Sue Wilson Writes: What the EU election results mean for those Brits in Europe fighting Brexit.
On Sunday 26th May, British citizens throughout Spain joined their Spanish neighbours in voting – many for the first time – in local and European elections.
With a choice of voting for the EU elections in their ‘home’ or ‘host’ country, many Brits chose to vote in the UK to voice their opinions about Brexit. Others elected to vote in Spain. For some people, that was their only option, having been disenfranchised from voting in the UK.
Here in Spain, the experience of voting in the EU and local elections was quick and easy, and the ‘extranjero’ voters were welcomed with open arms. Unfortunately, the experience for EU citizens in the UK was rather different, with many being turned away at polling booths. British citizens living abroad who had selected a postal vote faced significant problems, with ballot papers failing to arrive in time, if at all. This further disenfranchisement of British citizens in Europe and EU citizens in the UK caused a stir on social media, with #DeniedMyVote trending on Twitter.
Because of the outcry, British in Europe and the 3Million are examining the feasibility of a legal challenge over this issue, and questions have been raised in both Westminster and Brussels. Despite many hundreds of thousands of people being prevented from voting, the EU elections had the largest turnout across the continent for over two decades. The motivation for many voters, in the UK and across Europe, was clearly a desire to rally against the rise of the far-right. In the UK, Nigel Farage’s Brexit Party won the largest number of seats – although fewer than predicted. Most were taken directly from Ukip, which failed to retain a single seat. Voters failed to be impressed by party leader, Gerard Batten, and his sidekick – the notorious Tommy Robinson. Nigel Farage naturally claimed a massive victory and, as usual, garnered endless media attention. Remain campaigners pointed out that the Brexit Party’s ‘spin’ didn’t depict the whole picture. In fact, it was the Remain supporting parties – LibDems, Greens, SNP, Plaid Cymru and Change.UK – that could rightly claim the victory, having secured around 40% of votes compared to the Brexit Party’s 35%. In fact, the number of seats for Brexit supporting parties (Brexit Party, Ukip and Conservatives) has declined by 10, compared to the 2014 EU election results.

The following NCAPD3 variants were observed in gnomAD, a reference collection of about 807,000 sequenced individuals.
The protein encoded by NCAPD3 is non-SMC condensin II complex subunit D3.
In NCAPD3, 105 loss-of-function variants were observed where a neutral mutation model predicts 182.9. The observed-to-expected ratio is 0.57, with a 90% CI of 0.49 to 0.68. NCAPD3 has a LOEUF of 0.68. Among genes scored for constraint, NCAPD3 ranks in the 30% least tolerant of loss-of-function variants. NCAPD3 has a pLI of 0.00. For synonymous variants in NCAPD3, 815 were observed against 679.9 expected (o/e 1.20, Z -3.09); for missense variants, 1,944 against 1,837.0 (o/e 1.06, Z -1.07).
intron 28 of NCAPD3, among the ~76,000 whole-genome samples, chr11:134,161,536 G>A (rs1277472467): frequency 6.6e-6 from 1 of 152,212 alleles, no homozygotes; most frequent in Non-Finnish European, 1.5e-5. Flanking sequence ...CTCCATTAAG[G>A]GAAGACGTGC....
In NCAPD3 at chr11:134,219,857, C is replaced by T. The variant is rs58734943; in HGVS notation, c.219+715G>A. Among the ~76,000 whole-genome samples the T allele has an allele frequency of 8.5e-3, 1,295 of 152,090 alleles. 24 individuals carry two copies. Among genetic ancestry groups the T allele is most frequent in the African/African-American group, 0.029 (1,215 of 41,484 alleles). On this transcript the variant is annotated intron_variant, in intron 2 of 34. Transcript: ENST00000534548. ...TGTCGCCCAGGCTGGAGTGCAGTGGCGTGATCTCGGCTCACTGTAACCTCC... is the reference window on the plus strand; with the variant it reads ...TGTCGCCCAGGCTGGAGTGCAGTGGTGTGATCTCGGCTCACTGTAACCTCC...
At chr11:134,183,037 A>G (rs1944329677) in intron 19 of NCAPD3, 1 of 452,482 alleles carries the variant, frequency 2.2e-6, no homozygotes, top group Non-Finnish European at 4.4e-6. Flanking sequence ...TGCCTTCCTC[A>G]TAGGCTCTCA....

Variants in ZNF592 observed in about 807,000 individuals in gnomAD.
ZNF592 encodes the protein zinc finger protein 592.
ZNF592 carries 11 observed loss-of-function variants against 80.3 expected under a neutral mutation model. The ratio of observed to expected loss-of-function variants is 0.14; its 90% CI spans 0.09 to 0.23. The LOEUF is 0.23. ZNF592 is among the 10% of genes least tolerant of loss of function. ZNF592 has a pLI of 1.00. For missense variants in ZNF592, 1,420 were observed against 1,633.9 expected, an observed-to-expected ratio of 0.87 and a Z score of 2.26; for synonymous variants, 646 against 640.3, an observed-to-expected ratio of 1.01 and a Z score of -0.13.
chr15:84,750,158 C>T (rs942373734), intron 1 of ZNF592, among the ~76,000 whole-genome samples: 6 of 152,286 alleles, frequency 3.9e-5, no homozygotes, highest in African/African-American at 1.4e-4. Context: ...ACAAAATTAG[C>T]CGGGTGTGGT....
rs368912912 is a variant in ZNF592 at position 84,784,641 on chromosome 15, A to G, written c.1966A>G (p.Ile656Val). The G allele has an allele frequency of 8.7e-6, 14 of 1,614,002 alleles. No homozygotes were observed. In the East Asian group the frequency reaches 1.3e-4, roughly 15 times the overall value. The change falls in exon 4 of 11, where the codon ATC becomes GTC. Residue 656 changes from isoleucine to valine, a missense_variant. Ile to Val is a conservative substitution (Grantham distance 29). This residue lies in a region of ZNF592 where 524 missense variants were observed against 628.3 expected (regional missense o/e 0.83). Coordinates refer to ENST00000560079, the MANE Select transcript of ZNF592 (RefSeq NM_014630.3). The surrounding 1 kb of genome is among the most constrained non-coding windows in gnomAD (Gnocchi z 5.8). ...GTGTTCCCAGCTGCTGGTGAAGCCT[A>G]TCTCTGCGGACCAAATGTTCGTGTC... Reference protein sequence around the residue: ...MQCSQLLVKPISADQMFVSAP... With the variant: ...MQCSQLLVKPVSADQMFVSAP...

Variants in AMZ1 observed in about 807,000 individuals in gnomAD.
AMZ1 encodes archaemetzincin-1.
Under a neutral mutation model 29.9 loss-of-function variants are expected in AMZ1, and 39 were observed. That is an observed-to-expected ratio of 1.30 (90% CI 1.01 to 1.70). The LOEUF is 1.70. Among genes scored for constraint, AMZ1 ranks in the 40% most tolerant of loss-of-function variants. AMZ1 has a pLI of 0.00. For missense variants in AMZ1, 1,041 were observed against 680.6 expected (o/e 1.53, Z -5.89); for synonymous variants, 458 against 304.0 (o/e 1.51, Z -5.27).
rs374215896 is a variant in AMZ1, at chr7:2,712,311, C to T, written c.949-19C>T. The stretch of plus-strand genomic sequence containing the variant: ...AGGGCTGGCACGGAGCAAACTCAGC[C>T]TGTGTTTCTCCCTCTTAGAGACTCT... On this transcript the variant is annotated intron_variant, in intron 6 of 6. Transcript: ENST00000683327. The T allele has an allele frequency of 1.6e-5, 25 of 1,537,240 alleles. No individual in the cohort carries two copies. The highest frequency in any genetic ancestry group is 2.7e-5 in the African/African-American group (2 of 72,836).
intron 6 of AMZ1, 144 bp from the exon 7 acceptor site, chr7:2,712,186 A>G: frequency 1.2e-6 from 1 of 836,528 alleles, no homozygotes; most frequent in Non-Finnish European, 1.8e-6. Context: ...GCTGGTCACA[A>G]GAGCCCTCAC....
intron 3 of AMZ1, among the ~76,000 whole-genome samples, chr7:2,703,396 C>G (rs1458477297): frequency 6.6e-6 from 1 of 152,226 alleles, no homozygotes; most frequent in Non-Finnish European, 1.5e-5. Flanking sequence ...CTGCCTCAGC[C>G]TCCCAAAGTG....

The surge of voters abandoning the Conservative and Labour parties was significant, as was the considerable increase in seats for all explicitly pro-Remain/pro-referendum parties. The Liberal Democrats and Green Party had their best results to date – a position that was widely reflected across Europe. Concerns in Brussels that the far-right would gain increased support proved unfounded. In fact, the balance of the European Parliament has shifted more to the left, with an increase in both the Green and Liberal groupings. The ALDE group is now the largest group in the European parliament. In response to Labour’s poor showing, with their seats halved, Jeremy Corbyn said the Conservatives were “disintegrating and unable to govern” and, with parliament in deadlock, Brexit would have to go back to the people “through a general election or a public vote”. The Labour party leadership will now be under enormous pressure from its own MPs, MEPs and members to climb off the fence and fully support Remain and a #FinalSay referendum. With the Conservative party in disarray, and a leadership contest underway for the next Prime Minister, it remains to be seen how the EU election results will influence a newly-elected leader.
The number of potential candidates to replace Theresa May is increasing daily – there’s barely a cabinet minister that hasn’t thrown their hat into the ring! It seems likely that our new Prime Minister will be a Brexiter, possibly even a Brextremist. Many of the candidates are claiming that ‘no deal’ should be back on the table – or is the desired destination. It’s blatantly clear that the Conservatives are worried about Farage and his followers. However, the government could reflect that, perhaps, it’s facing in the wrong direction: the bigger threat is coming from pro-Europeans. We cannot deny that Farage and his Brexit Party machine have made a significant impact on British politics and will continue to influence events in Westminster. However, the pro-Europeans are still here, we’re growing in numbers, and we’re making progress.
More importantly, we’re still in the European Union! As re-elected Labour MEP Julie Ward said: “Every day we don’t Leave the EU is a day to Stop Brexit – the fight is on!” We’re ready!